Saturday, August 09, 2008

Nagasaki, Japan . . .

. . . 09 OCT 1945, 1110 hours.

Fat boy most likely saved my father from a trip from Guam to Japan.

It also gained freedom for J. S. Gray, the husband of my cousin Aylene Swayze Gray. J. S. survived the Bataan death march, imprisonment at Cabanatuan, a hell ship trip to Japan, and several years as a slave in the Yokkaichi copper mines. He weighed 202 when captured, 108 when released. His POW number was 260, and that was how his captors addressed him.

When he and his fellow prisoners were told to destroy their American flag, each one of them took a star. When the Yokkaichi POW camp was liberated, they took the stars they had kept for almost three years, and reconstructed the flag.

Footprints . . .

. . . are important to me.

Many people leave footprints, too many leave none. Some are vivid, some are faint. Most footprints add to the common good. Unfortunately, others do not. Some even detract from that common good.

Artists may consider their paintings or sculptures to be their footprints. For writers and poets, it's books, poems and stories. For parents, it may be children. For engineers, it may be buildings, highways, bridges or pipelines. I guess that's why I became an engineer. I always hoped to leave footprints, and I have. I now have one more.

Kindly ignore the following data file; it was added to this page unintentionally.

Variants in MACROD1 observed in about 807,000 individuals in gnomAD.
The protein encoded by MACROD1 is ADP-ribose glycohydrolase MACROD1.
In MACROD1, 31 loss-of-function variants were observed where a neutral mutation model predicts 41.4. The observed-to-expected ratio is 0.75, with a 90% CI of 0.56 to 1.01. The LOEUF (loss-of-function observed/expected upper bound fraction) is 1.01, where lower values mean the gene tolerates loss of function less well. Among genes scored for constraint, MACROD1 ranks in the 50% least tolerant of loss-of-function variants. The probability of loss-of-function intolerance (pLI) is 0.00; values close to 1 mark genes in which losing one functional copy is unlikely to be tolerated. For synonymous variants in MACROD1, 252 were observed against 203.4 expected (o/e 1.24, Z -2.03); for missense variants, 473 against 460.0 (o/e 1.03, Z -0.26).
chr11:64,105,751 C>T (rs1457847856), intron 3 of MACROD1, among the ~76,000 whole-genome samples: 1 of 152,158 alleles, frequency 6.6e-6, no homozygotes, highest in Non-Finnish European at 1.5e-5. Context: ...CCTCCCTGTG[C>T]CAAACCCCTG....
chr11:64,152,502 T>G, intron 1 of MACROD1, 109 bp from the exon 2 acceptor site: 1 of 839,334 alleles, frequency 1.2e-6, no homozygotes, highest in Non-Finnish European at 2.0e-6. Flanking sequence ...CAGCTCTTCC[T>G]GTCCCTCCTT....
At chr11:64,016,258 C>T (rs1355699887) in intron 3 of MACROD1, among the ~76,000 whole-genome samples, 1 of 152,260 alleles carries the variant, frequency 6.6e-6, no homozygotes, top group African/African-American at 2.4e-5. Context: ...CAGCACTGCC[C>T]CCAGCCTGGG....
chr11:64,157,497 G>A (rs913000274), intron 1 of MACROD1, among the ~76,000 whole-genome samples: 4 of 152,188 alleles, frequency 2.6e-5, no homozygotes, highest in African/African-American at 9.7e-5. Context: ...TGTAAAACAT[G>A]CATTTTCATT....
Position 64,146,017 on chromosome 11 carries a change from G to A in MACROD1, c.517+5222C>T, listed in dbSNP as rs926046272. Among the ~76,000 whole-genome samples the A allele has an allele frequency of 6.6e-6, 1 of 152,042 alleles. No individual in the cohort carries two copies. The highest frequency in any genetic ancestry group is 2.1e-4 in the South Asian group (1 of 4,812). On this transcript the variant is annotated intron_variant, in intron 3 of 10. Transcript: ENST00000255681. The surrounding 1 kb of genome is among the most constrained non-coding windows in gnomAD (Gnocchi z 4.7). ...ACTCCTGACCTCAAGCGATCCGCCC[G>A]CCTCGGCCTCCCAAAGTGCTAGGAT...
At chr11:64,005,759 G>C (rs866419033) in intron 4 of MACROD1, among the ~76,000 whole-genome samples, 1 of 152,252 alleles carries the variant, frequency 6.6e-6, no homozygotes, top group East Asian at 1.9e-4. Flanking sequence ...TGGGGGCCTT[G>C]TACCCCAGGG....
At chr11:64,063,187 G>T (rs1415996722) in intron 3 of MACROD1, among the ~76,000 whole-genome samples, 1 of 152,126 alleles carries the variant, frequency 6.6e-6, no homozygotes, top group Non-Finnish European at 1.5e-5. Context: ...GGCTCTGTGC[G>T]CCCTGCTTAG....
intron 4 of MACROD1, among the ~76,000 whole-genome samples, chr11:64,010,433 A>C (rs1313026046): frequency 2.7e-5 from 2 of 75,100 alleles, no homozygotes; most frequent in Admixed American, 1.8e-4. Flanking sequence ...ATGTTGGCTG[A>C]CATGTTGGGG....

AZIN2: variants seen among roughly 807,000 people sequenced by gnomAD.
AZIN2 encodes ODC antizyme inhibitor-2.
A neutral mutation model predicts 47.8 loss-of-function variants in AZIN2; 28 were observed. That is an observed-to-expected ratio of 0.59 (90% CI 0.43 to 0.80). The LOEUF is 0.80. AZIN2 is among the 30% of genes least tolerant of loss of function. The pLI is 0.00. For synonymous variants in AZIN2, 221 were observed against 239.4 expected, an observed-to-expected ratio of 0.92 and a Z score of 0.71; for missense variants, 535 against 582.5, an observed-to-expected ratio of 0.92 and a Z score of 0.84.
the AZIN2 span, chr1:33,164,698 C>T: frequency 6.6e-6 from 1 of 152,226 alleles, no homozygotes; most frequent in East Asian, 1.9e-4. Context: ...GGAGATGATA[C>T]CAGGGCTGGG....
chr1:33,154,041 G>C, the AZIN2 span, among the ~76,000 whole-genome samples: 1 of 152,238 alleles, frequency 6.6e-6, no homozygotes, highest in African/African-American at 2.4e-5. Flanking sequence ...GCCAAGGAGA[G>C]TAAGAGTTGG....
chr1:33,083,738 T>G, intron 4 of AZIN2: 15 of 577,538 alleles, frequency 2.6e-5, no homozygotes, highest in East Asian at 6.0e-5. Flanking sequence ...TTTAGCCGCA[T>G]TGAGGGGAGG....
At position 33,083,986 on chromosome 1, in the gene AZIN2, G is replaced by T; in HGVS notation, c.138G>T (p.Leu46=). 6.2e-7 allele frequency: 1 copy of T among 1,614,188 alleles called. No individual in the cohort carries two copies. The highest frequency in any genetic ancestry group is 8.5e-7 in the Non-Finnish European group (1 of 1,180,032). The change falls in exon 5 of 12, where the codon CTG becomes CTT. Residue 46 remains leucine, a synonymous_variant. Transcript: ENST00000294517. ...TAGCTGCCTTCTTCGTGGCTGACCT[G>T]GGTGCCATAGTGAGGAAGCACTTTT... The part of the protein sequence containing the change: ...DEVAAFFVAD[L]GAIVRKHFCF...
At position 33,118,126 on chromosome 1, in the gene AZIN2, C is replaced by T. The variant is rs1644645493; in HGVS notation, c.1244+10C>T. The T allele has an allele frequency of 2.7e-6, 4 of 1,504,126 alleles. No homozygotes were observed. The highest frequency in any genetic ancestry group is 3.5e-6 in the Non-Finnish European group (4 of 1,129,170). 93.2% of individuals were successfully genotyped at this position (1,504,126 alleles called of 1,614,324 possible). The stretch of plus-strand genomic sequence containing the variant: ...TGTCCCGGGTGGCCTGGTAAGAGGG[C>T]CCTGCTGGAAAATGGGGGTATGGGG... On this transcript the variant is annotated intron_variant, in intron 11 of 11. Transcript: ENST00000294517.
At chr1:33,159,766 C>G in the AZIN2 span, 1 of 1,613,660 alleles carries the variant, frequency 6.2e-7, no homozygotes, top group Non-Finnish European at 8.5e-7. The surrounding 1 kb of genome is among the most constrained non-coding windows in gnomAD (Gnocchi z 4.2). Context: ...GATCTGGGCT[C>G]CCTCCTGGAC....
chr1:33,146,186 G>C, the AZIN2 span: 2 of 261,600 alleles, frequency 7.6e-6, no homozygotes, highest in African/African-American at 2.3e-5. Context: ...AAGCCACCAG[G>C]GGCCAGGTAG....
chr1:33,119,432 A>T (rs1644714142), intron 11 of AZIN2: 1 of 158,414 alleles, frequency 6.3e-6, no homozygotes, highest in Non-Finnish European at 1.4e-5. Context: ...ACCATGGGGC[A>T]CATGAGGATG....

When I began working for the U. S. Navy in 2002, my assignment was to plan for the facilities for five new helicopter squadrons. That's ALL facilities. Hangars, training buildings, parking aprons, runways, helipads, fueling stations, armories, warehousing.

Since Uncle has very detailed planning and execution processes, it takes a while to results that you can touch and feel. After six years, my first footprint at Naval Station Norfolk is a reality. This building houses flight and weapons simulators, classrooms and offices for the folks who train our helicopter pilots.

To most who drive by, it's just another building. It's not. It's a piece of me.